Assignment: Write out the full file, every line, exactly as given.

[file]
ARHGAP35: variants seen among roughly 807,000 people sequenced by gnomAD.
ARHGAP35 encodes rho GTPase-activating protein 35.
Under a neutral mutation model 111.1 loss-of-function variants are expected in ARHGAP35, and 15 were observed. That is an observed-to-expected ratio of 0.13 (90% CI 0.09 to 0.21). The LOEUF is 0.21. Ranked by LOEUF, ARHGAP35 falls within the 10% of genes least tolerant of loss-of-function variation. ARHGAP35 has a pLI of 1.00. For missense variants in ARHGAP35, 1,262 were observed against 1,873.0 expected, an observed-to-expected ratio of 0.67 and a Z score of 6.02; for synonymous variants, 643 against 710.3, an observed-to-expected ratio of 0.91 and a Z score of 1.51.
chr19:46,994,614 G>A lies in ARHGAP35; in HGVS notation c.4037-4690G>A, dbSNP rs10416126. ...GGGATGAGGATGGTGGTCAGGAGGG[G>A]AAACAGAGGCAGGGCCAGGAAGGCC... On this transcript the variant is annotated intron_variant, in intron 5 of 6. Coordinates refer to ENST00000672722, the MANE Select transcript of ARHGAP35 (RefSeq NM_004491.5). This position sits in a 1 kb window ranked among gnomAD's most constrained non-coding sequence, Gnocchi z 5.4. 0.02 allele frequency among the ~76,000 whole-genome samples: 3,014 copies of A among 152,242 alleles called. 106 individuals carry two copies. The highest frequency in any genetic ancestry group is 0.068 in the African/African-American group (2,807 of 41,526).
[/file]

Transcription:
ARHGAP35: variants seen among roughly 807,000 people sequenced by gnomAD.
ARHGAP35 encodes rho GTPase-activating protein 35.
Under a neutral mutation model 111.1 loss-of-function variants are expected in ARHGAP35, and 15 were observed. That is an observed-to-expected ratio of 0.13 (90% CI 0.09 to 0.21). The LOEUF is 0.21. Ranked by LOEUF, ARHGAP35 falls within the 10% of genes least tolerant of loss-of-function variation. ARHGAP35 has a pLI of 1.00. For missense variants in ARHGAP35, 1,262 were observed against 1,873.0 expected, an observed-to-expected ratio of 0.67 and a Z score of 6.02; for synonymous variants, 643 against 710.3, an observed-to-expected ratio of 0.91 and a Z score of 1.51.
chr19:46,994,614 G>A lies in ARHGAP35; in HGVS notation c.4037-4690G>A, dbSNP rs10416126. ...GGGATGAGGATGGTGGTCAGGAGGG[G>A]AAACAGAGGCAGGGCCAGGAAGGCC... On this transcript the variant is annotated intron_variant, in intron 5 of 6. Coordinates refer to ENST00000672722, the MANE Select transcript of ARHGAP35 (RefSeq NM_004491.5). This position sits in a 1 kb window ranked among gnomAD's most constrained non-coding sequence, Gnocchi z 5.4. 0.02 allele frequency among the ~76,000 whole-genome samples: 3,014 copies of A among 152,242 alleles called. 106 individuals carry two copies. The highest frequency in any genetic ancestry group is 0.068 in the African/African-American group (2,807 of 41,526).